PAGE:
Research shows illicit money is leaving Africa and going to developed countries, exceeding the aid it receives.
Every year Africa loses more than $88 billion due to illicit capital flight amounting to more than 3.7 percent of the continent's GDP of $2.6 trillion.
Between 2000 and 2015, illegal capital leaving Africa totalled $836 billion. When compared to Africa’s external debt of $770 billion in 2018, the report said this effectively made it a “net creditor to the world.”
The finding in a new UN report reveals the true scale of the challenge facing African countries in cracking down on illicit financial flows where money and assets that cross borders or are transferred through illegal means deprive the states of much-needed revenue.
Titled “Tackling illicit financial flows for sustainable development in Africa” the report notes the illegal outflows of money are almost equivalent to the money coming in from development aid, valued at $48 billion and foreign direct investment, valued at $54 billion.
“Illicit financial flows rob Africa and its people of their prospects, undermining transparency and accountability and eroding trust in African institutions,” said the report.
The way the illicit funds flow out is when companies under-invoice the product they are selling abroad by not stating the full price. The report found that commodities in particular such as gold and diamonds accounted for more than half of the under-invoicing practices.
Gold, in particular, accounted for more than 77 percent of the under-invoicing practices linked with commodities followed by diamonds at 12 percent.
A country, by country breakdown, of the illicit outflow of funds shows the magnitude of the problem and the sheer loss of money which has impacted the continent’s development.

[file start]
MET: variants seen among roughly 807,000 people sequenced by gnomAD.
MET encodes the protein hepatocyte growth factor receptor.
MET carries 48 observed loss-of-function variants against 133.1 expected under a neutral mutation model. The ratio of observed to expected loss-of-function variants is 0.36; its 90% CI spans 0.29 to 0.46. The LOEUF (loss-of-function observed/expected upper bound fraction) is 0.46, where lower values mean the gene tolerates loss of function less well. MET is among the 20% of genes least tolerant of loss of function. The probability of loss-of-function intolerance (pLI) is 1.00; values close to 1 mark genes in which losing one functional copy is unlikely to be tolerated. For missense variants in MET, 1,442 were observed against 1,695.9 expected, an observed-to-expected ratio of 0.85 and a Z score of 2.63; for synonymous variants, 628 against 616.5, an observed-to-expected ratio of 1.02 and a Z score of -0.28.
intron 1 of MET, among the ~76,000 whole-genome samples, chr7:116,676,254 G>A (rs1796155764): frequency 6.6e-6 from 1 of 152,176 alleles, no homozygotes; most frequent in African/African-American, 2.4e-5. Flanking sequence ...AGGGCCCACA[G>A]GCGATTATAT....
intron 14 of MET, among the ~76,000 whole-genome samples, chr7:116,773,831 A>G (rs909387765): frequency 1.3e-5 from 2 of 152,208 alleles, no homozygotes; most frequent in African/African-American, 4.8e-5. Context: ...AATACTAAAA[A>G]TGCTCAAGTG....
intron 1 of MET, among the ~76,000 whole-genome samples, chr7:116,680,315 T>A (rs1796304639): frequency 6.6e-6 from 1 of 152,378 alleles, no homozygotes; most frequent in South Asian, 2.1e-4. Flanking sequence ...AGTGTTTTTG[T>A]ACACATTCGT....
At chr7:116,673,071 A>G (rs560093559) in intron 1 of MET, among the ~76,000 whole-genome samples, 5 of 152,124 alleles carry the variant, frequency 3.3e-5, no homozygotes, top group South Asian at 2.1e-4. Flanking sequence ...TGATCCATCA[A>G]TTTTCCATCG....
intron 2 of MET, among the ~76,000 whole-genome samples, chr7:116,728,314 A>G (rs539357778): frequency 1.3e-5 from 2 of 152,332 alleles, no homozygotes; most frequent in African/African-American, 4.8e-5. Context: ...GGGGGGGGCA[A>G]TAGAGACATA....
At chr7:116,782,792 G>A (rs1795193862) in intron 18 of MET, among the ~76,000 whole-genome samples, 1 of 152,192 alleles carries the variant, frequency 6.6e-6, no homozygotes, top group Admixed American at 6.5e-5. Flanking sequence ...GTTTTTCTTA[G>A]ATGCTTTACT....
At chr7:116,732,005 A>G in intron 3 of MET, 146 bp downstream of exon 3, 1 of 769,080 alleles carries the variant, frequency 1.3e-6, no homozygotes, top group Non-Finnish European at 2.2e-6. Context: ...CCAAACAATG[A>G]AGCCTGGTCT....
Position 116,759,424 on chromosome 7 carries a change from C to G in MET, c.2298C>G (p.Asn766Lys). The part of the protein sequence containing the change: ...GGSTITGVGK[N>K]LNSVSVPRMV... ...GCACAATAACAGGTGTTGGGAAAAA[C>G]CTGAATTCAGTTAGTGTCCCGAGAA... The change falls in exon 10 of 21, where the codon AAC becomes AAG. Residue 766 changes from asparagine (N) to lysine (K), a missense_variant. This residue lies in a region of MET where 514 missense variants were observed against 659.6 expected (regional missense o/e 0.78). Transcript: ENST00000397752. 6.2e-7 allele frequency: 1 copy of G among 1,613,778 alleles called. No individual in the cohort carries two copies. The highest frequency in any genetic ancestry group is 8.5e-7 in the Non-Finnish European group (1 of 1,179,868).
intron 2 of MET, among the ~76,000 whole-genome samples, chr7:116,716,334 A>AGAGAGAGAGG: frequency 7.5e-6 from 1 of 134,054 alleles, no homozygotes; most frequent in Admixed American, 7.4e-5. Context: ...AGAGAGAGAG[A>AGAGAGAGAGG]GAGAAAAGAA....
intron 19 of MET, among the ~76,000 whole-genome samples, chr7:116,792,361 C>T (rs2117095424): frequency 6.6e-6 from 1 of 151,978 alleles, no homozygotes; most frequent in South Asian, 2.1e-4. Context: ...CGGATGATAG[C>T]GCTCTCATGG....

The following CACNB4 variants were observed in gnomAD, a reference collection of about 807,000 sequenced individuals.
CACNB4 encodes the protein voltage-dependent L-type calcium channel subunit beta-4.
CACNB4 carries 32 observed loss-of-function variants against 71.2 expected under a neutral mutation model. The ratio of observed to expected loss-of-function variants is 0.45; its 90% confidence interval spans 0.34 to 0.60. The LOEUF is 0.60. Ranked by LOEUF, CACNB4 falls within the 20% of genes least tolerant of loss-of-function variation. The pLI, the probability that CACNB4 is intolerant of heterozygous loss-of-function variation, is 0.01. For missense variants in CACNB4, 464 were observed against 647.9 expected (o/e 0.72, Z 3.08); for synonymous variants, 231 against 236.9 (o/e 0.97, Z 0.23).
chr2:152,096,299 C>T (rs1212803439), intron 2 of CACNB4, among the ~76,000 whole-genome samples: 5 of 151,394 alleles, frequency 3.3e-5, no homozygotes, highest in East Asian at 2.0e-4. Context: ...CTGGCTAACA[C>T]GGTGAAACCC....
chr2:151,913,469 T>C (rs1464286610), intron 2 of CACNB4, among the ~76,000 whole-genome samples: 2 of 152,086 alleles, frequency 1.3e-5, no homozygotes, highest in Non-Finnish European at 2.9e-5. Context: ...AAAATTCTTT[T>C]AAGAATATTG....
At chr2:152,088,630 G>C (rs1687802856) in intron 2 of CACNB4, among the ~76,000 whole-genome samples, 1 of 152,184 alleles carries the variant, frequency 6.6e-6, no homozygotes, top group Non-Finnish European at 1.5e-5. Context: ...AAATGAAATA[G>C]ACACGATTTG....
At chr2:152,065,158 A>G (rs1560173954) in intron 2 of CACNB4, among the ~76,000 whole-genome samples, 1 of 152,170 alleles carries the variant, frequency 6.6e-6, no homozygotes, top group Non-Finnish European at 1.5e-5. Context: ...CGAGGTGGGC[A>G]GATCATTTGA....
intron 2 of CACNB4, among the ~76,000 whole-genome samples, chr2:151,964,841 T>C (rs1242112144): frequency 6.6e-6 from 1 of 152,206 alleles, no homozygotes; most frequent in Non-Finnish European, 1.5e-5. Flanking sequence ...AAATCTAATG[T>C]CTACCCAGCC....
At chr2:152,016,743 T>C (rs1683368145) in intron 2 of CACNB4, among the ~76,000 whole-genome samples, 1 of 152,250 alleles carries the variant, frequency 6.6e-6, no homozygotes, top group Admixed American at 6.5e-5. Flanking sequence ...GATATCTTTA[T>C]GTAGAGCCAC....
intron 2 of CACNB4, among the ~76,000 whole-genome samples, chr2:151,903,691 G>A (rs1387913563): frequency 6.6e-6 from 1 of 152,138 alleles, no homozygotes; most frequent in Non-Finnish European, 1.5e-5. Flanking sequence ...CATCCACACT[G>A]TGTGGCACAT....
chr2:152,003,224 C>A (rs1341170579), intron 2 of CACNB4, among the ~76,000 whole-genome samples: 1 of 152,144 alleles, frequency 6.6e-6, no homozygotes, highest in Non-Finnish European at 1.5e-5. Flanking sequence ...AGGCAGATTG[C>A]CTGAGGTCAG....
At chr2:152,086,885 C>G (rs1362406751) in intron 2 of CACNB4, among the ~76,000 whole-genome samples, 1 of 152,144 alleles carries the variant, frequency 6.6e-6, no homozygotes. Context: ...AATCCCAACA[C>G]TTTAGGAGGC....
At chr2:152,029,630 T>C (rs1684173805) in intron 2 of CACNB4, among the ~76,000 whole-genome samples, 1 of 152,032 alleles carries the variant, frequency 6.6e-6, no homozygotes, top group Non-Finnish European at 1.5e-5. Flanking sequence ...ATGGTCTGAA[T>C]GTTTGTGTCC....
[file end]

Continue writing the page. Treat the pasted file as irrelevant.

Nigeria, Africa’s largest economy and a major oil-producing nation, between 2013-2014 alone, lost more than $48 billion. Whereas South Africa, the second-largest economy in the continent between 1970 and 2015 lost more than $198 billion dollars.
One study that looked into money that had left the continent between 1970-1996 found that it amounted to more than $285 billion.
While many African countries have tried to tackle the practice, the question remains, where does the money go?
Follow the money
The recently leaked documents of the Financial Crimes Enforcement Network (FinCEN), an arm of the US Treasury exposed major financial institutions in the West as facilitators of illegal financial flows amounting to $2 trillion over a 20-year period.
Reports suggest that millions of dollars in illicit money have been laundered through major banks in Europe and the US.
The former South African President Thabo Mbeki has criticised developed nations for having lax rules which allow money to be laundered.
In a report looking at the illicit outflow of funds from Africa, he said, “It is somewhat contradictory for developed countries to continue to provide technical assistance and development aid (though at lower levels) to Africa while at the same time maintaining tax rules that enable the bleeding of the continent’s resources through illicit financial outflows.”
Researchers have noted that often the discourse around aid is that the West gives financial assistance to African countries because they don’t have enough of it.
This “benevolent goodwill” hides a dark reality. Developing countries, particularly in Africa, have seen trillions being sent to Europe and America over the last several decades. Aid is not meaningful if the amount of aid money being sent by Western countries is about equivalent to the illicit money they receive from Africa.
A campaign, called Stop the Bleeding, has been formed in a bid to engage African civil society and ordinary people so that “the conversation on illicit financial flows” is broadened beyond political circles.